Me, more begging, and even less self-respect, and a little sweat dripping from my brow: “Please. We’ll just sit here for a little while longer. You can do it! Please, just pee!”
#4 (with her head now in her hands): “Mom, it’s just not working! It’s not, Mom. I don’t know what to do. It won’t work here!”
Me (just realizing I have #5 in front of me who is now touching gross public washroom surfaces and then sucking on his fingers): “Stop touching! Stop! Come on guys, let’s go. We’ll try again in 10 minutes.”
#1 took #4 in and they were out in 2 minutes with #4 running out yelling, “It worked! I did it! I peed in the toilet!!!” The cheers and celebration that ensued between the kids and myself can really only be compared to the reaction of winning the lottery. I can only imagine what people thought as I was close to tears and hugging her tightly, as tight as one could hug with a baby strapped in front. The girls gave her hi-fives and grateful embraces and we all ran to the zoomobile for a ride. Halfway into the zoomobile ride, I start to sweat and panic again. This can’t be happening. I have to pee. Badly. Karma is such a bitch.
At the conclusion of Day 3, I was happy to report to Ever-Patient that there were zero accidents. I felt so confident that we decided to go to Ontario Place on Day 4, again just me and the kids. After the whole zoo pressure cooker-fiasco, I eased up on her and trusted her more. I wasn’t giving her the credit she deserved and decided to let her be aware of her own bodily functions. She had a few false alarms. We would go to the washroom only for her to say, “Pee! Come out! I don’t know why it’s not coming, Mom. I thought it wanted to come out. Maybe not.” At the end of the day, we were happy to report another accident-free day.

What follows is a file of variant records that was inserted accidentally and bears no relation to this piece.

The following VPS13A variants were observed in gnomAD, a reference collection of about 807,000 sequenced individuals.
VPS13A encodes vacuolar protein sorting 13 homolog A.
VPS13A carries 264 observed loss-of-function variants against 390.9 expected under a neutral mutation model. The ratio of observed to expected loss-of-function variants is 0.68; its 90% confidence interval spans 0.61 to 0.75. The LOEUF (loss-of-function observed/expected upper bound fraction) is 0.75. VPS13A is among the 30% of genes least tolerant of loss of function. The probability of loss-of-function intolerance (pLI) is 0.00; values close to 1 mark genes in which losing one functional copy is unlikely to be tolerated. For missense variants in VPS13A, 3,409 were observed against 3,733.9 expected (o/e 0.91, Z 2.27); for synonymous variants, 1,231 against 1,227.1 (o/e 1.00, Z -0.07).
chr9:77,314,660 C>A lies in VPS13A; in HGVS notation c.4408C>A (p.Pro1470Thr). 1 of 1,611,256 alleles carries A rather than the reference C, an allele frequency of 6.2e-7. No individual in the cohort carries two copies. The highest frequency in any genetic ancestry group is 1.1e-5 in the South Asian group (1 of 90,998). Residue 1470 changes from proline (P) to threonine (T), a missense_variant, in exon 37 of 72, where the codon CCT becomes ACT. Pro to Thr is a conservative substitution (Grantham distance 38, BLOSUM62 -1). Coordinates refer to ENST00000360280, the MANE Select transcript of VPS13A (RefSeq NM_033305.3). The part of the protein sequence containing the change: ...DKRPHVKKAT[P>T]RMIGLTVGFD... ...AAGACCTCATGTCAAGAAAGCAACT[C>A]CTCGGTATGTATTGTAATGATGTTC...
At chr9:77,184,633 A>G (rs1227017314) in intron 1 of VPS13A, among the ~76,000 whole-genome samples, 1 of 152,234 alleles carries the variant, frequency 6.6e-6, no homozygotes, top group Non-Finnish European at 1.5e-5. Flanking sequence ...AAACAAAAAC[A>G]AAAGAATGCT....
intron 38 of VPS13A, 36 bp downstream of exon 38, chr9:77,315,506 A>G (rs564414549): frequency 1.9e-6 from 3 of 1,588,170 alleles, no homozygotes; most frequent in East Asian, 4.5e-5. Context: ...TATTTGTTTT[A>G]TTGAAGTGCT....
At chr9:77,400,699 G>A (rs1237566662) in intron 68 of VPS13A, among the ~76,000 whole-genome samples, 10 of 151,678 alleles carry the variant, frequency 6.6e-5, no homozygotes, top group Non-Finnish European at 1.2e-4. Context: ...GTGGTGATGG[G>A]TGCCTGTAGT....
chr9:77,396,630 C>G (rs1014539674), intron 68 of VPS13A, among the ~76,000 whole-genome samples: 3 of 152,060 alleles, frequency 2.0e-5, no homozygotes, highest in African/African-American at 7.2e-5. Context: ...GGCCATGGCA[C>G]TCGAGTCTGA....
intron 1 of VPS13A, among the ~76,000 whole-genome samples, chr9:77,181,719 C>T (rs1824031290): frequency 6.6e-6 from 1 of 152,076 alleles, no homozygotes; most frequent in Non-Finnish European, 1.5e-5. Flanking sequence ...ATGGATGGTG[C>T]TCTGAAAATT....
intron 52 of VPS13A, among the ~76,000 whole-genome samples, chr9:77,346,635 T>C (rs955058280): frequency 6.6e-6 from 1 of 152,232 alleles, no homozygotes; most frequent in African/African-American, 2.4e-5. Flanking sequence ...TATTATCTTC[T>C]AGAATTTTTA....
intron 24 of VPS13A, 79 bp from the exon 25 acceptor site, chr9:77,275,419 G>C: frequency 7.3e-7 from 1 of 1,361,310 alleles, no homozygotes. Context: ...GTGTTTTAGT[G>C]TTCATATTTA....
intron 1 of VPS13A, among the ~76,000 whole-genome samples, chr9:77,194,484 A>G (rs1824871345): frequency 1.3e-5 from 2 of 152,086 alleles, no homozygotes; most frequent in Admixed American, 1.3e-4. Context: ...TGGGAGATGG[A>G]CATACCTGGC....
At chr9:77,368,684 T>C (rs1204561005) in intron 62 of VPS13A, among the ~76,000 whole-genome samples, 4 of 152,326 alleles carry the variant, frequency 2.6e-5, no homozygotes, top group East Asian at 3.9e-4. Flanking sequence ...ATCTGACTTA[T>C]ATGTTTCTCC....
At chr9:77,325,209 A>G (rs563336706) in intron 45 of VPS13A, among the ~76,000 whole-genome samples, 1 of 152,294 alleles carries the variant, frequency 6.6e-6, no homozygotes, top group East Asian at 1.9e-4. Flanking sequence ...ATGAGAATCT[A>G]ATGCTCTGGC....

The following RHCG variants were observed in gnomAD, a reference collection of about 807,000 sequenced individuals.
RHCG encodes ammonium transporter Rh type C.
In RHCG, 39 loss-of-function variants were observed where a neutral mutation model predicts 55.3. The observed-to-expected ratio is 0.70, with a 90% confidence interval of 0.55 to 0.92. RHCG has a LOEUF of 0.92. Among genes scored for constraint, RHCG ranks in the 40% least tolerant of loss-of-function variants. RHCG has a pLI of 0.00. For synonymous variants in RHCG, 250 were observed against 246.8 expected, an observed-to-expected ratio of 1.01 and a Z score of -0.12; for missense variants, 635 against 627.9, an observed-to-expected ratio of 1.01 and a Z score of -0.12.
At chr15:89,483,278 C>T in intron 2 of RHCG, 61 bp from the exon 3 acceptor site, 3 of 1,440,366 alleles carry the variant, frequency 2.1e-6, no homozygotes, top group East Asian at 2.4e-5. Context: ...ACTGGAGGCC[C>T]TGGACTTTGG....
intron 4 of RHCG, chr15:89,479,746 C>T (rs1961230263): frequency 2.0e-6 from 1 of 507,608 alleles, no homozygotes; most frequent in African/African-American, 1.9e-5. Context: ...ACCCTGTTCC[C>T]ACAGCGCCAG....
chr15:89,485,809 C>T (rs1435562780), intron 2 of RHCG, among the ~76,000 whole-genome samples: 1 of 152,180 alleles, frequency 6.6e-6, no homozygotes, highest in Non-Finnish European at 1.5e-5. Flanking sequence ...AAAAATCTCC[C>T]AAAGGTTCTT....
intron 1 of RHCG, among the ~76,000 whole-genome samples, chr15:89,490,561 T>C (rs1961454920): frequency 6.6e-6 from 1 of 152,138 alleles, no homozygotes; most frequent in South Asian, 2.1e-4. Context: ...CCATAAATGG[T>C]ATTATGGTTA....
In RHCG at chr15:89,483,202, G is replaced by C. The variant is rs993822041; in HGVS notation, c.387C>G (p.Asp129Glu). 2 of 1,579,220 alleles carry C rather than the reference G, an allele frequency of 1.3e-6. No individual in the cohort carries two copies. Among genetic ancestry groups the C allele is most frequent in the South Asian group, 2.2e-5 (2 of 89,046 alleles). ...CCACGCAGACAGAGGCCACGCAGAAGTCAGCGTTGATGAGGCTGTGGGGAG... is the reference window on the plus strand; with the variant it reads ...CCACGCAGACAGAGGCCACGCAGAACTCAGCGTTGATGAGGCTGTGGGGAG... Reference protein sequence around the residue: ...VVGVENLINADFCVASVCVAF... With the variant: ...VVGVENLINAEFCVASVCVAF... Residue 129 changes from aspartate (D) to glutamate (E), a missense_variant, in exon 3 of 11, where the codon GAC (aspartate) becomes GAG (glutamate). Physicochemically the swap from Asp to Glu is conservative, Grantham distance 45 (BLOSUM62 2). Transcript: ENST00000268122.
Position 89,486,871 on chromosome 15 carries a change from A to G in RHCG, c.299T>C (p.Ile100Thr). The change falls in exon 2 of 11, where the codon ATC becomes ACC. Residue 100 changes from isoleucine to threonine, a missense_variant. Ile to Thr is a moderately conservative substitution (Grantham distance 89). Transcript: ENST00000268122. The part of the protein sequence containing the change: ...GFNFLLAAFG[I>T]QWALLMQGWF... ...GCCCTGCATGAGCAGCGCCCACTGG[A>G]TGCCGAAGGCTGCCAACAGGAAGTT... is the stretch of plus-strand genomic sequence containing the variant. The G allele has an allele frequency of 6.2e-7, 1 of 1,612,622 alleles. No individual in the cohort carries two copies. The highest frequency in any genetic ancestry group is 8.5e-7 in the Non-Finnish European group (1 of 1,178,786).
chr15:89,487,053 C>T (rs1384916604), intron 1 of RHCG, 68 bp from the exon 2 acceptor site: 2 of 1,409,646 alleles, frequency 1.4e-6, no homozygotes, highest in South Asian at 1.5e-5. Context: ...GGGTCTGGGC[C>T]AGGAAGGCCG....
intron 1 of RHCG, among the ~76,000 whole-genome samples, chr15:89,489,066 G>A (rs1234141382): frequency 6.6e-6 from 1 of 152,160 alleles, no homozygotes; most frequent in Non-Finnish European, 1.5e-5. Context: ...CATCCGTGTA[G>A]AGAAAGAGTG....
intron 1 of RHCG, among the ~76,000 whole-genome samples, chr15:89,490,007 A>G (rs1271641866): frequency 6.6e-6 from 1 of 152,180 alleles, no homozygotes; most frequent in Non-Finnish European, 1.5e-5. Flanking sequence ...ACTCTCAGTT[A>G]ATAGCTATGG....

As I laid down beside her that night, she said to me, “Mom, are you so proud of me that I peed in the toilet?” I looked at her and I just wanted to hold her tight and say that she doesn’t need to seek my approval and that her alone is enough. I said, “I am proud of you even if you don’t make it to the toilet…but peeing in the toilet is nice.”
It’s been about a week and a half and I now ask hourly if she has to pee. She has been excellent at telling me when she has to go and every time she does she announces to anyone who will listen, “I peed in the toilet!” or “I pooed in toilet!” or “I peed and pooed in the toilet!” She has had only one accident since Day 2 which was with my dad although he tells me that she did indicate she had to go but they couldn’t get to the washroom fast enough. I love how she is learning to pay close attention to her body. For example, she went to pee at my mom’s house and as she peed in the toilet, she marveled, “It even works at Lola’s house!” She loves to choose her underwear and is not interested in being a baby anymore.
4 for 4. 1 to go. I think of all the money we’ll save on diapers now. I think of the ease of taking her to washroom versus changing her toddler-size diaper. But I also think of how they’re all growing up. I think of how the transition to underwear is a major milestone out of babyhood. A graduation of sorts into the school of independence.
My last baby girl is growing up…at least she still likes to fall asleep in my arms.